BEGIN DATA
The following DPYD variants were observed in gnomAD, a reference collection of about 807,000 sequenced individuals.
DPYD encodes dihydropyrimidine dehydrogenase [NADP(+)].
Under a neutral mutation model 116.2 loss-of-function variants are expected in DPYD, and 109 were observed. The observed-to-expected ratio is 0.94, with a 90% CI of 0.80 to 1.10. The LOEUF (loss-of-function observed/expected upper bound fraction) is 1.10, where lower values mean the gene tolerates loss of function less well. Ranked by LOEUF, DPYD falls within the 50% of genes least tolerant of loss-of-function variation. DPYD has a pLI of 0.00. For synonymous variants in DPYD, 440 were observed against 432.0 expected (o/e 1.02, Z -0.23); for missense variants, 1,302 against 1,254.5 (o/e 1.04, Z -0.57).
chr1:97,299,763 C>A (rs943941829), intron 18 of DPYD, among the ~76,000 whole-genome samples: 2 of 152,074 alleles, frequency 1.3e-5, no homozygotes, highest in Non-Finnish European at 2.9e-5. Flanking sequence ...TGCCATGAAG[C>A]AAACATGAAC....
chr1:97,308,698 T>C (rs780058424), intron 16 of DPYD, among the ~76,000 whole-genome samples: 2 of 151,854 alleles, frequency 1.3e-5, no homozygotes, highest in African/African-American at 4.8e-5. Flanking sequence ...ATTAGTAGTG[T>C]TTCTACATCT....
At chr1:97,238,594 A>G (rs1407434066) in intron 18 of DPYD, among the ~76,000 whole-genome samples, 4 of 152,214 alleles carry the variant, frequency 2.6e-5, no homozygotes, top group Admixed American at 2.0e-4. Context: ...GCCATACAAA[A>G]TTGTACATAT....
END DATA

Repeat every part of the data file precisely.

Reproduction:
The following DPYD variants were observed in gnomAD, a reference collection of about 807,000 sequenced individuals.
DPYD encodes dihydropyrimidine dehydrogenase [NADP(+)].
Under a neutral mutation model 116.2 loss-of-function variants are expected in DPYD, and 109 were observed. The observed-to-expected ratio is 0.94, with a 90% CI of 0.80 to 1.10. The LOEUF (loss-of-function observed/expected upper bound fraction) is 1.10, where lower values mean the gene tolerates loss of function less well. Ranked by LOEUF, DPYD falls within the 50% of genes least tolerant of loss-of-function variation. DPYD has a pLI of 0.00. For synonymous variants in DPYD, 440 were observed against 432.0 expected (o/e 1.02, Z -0.23); for missense variants, 1,302 against 1,254.5 (o/e 1.04, Z -0.57).
chr1:97,299,763 C>A (rs943941829), intron 18 of DPYD, among the ~76,000 whole-genome samples: 2 of 152,074 alleles, frequency 1.3e-5, no homozygotes, highest in Non-Finnish European at 2.9e-5. Flanking sequence ...TGCCATGAAG[C>A]AAACATGAAC....
chr1:97,308,698 T>C (rs780058424), intron 16 of DPYD, among the ~76,000 whole-genome samples: 2 of 151,854 alleles, frequency 1.3e-5, no homozygotes, highest in African/African-American at 4.8e-5. Flanking sequence ...ATTAGTAGTG[T>C]TTCTACATCT....
At chr1:97,238,594 A>G (rs1407434066) in intron 18 of DPYD, among the ~76,000 whole-genome samples, 4 of 152,214 alleles carry the variant, frequency 2.6e-5, no homozygotes, top group Admixed American at 2.0e-4. Context: ...GCCATACAAA[A>G]TTGTACATAT....